Got all that?

1. Telnet shutdown
2. Telnet client shutdown
3. Computer shutdown and reboot
4. Autologin (starting all the servers up again)
5. Autolock

DHCP is renewed, the connection is reset, and 100% accessible over the web.

The Telnet server is called PennMUSH, which is a Multi-User RPG engine which uses the common MUSHCode language to program.

For archival purposes, here's the detailed setup:

@listen Shutdown Machine = ^-*: @switch [or([strmatch(%0,00)],[strmatch(%0,12)])] = 1,{@wizwall Shutting down.;@dump;@wait 30=@shutdown};@@ * is passed from the clock hourly as timefmt($H) <= The 24-hour hour code.

date_saved="2011-04-05 14:32:04"
<timer enabled="y" hour="00" minute"1" second="0.00" offset_second="0.00" send_to="12" at_time="y" >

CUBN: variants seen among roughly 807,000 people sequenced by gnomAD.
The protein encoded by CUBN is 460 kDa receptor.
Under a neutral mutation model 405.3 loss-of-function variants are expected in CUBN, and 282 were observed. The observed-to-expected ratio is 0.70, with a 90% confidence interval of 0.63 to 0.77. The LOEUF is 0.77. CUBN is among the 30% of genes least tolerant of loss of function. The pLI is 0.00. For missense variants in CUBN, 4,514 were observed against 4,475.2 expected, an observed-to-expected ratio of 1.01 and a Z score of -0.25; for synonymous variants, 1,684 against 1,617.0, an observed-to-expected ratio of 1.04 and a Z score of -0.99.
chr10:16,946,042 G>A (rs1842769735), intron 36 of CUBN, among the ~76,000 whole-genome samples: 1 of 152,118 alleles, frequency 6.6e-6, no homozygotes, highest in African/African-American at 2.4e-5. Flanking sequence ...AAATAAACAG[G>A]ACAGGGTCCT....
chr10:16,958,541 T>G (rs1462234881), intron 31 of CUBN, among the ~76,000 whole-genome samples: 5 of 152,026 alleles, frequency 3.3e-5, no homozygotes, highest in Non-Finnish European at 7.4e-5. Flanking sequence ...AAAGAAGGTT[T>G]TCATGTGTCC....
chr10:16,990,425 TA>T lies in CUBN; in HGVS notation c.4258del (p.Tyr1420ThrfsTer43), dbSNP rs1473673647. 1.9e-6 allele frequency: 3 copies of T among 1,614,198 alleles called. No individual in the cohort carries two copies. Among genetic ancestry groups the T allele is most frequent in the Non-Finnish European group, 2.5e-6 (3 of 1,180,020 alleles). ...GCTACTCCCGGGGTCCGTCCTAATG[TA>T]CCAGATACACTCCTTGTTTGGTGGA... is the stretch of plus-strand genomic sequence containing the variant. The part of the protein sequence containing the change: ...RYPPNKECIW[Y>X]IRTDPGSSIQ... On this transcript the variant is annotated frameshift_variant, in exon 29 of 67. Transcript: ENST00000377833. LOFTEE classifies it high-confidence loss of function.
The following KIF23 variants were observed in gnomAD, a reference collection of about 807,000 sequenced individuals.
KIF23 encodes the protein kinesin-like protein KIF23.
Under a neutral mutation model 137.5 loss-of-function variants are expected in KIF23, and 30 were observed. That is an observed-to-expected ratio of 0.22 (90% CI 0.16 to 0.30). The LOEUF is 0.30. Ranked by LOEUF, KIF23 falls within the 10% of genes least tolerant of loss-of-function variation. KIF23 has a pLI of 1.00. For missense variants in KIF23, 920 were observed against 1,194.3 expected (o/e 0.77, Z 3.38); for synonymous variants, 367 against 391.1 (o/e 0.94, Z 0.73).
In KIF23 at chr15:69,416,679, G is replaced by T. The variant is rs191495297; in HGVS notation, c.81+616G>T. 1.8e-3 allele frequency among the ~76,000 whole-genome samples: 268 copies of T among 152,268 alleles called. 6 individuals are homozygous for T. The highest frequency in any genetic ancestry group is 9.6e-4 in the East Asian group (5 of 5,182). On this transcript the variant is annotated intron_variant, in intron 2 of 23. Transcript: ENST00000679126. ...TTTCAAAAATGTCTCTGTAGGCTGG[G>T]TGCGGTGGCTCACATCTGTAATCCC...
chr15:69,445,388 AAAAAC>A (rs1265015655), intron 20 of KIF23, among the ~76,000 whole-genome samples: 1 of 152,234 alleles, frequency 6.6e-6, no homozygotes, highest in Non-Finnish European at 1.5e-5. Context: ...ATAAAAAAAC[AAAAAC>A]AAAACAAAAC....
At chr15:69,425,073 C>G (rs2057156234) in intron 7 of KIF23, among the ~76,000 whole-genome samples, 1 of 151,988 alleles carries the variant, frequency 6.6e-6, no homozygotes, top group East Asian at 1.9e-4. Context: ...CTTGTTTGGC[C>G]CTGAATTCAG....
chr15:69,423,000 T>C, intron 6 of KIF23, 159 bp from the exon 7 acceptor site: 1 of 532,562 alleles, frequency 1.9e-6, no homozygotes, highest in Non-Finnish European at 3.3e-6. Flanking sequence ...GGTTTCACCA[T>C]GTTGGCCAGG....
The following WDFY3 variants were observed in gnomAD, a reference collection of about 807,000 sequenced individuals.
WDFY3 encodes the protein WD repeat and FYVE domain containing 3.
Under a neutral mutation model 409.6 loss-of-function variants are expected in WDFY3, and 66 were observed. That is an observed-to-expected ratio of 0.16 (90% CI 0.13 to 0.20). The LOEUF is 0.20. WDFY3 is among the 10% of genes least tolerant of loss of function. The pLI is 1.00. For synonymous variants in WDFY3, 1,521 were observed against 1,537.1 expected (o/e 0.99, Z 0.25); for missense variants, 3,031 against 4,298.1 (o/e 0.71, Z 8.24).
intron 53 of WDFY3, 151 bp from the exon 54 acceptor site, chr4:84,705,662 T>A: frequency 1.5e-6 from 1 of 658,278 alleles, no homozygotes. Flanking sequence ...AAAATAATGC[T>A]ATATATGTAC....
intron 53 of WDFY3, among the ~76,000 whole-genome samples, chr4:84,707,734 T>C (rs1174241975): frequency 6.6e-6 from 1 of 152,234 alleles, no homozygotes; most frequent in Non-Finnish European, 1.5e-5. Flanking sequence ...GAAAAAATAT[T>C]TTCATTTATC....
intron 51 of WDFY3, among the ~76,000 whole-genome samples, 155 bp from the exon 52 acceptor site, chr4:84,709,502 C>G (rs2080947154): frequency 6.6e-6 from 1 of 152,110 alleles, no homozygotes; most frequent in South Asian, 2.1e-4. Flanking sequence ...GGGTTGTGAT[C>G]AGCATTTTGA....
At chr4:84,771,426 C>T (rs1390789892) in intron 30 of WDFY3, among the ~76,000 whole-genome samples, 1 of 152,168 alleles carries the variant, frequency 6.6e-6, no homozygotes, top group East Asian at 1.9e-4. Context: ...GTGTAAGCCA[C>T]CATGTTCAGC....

<send>DoCommand Save("")
DoCommand Exit("")</send>

<timer enabled="y" hour="12" minute="1" second="0.00" offset_second="0.00" send_to="12"
at_time="y" >
<send>DoCommand Save("")
DoCommand Exit("")</send>

@echo off
echo Shutting down
shutdown.exe -f -r -t 30

@echo off
echo Locking computer
rundll32.exe user32.dll, LockWorkStation
Scheduled Tasks:
Add one task to run reboot.cmd. Copy the event within the single task and schedule them to run at 12:02 am and 12:02 pm.
Complicated enough? I figured out a MUCH easier solution
Ctrl Panel>Network Connections>Local Area Connection>Internet Protocol (TCP/IP)>IP Address:, Subnet:, Gateway:, DNS:

In essence, setting a static IP behind the router turned of the DHCP lease time for this connection.

I had to do a bit of tweaking in the router config, like releasing the reserved IP for both the laptop (which was using and the server computer (which was using and reserve the first to the server computer based on its MAC. This way the router won't try to assign my manually-entered IP address to another computer and cause an IP conflict error (which can happen).

I've now had the server on for a day and a half (turning off all of this automatic shutdown-reboot stuff) and everything has continued to run with success!